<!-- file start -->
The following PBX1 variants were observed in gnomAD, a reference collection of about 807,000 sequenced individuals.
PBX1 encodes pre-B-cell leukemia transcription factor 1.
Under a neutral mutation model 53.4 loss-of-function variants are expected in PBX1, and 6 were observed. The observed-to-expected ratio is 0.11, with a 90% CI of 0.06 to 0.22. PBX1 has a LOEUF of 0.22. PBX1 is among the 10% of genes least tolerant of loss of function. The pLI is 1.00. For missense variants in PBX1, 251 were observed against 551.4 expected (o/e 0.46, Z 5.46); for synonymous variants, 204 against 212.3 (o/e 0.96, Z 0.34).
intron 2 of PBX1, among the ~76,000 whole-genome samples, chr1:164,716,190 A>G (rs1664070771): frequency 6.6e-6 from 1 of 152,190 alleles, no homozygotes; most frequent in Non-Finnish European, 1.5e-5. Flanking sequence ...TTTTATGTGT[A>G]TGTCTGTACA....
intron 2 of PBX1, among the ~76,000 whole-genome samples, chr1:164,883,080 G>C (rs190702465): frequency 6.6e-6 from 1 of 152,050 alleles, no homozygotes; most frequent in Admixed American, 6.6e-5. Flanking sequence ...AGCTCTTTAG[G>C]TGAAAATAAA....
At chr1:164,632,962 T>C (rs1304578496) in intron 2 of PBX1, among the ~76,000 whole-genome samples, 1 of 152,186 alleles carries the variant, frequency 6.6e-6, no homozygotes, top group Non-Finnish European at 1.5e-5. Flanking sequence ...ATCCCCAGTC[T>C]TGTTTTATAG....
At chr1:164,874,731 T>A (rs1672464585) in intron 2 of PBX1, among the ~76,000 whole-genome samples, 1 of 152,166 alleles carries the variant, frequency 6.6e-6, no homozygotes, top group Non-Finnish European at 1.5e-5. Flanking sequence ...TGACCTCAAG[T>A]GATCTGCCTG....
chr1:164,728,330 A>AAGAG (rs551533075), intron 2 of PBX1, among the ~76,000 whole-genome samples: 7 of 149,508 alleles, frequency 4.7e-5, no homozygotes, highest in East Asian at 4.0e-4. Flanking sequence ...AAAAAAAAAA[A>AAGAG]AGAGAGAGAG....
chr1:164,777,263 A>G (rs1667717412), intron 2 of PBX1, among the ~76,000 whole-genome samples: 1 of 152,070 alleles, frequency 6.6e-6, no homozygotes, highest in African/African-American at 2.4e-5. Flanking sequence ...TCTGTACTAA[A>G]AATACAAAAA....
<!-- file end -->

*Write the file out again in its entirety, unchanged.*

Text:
The following PBX1 variants were observed in gnomAD, a reference collection of about 807,000 sequenced individuals.
PBX1 encodes pre-B-cell leukemia transcription factor 1.
Under a neutral mutation model 53.4 loss-of-function variants are expected in PBX1, and 6 were observed. The observed-to-expected ratio is 0.11, with a 90% CI of 0.06 to 0.22. PBX1 has a LOEUF of 0.22. PBX1 is among the 10% of genes least tolerant of loss of function. The pLI is 1.00. For missense variants in PBX1, 251 were observed against 551.4 expected (o/e 0.46, Z 5.46); for synonymous variants, 204 against 212.3 (o/e 0.96, Z 0.34).
intron 2 of PBX1, among the ~76,000 whole-genome samples, chr1:164,716,190 A>G (rs1664070771): frequency 6.6e-6 from 1 of 152,190 alleles, no homozygotes; most frequent in Non-Finnish European, 1.5e-5. Flanking sequence ...TTTTATGTGT[A>G]TGTCTGTACA....
intron 2 of PBX1, among the ~76,000 whole-genome samples, chr1:164,883,080 G>C (rs190702465): frequency 6.6e-6 from 1 of 152,050 alleles, no homozygotes; most frequent in Admixed American, 6.6e-5. Flanking sequence ...AGCTCTTTAG[G>C]TGAAAATAAA....
At chr1:164,632,962 T>C (rs1304578496) in intron 2 of PBX1, among the ~76,000 whole-genome samples, 1 of 152,186 alleles carries the variant, frequency 6.6e-6, no homozygotes, top group Non-Finnish European at 1.5e-5. Flanking sequence ...ATCCCCAGTC[T>C]TGTTTTATAG....
At chr1:164,874,731 T>A (rs1672464585) in intron 2 of PBX1, among the ~76,000 whole-genome samples, 1 of 152,166 alleles carries the variant, frequency 6.6e-6, no homozygotes, top group Non-Finnish European at 1.5e-5. Flanking sequence ...TGACCTCAAG[T>A]GATCTGCCTG....
chr1:164,728,330 A>AAGAG (rs551533075), intron 2 of PBX1, among the ~76,000 whole-genome samples: 7 of 149,508 alleles, frequency 4.7e-5, no homozygotes, highest in East Asian at 4.0e-4. Flanking sequence ...AAAAAAAAAA[A>AAGAG]AGAGAGAGAG....
chr1:164,777,263 A>G (rs1667717412), intron 2 of PBX1, among the ~76,000 whole-genome samples: 1 of 152,070 alleles, frequency 6.6e-6, no homozygotes, highest in African/African-American at 2.4e-5. Flanking sequence ...TCTGTACTAA[A>G]AATACAAAAA....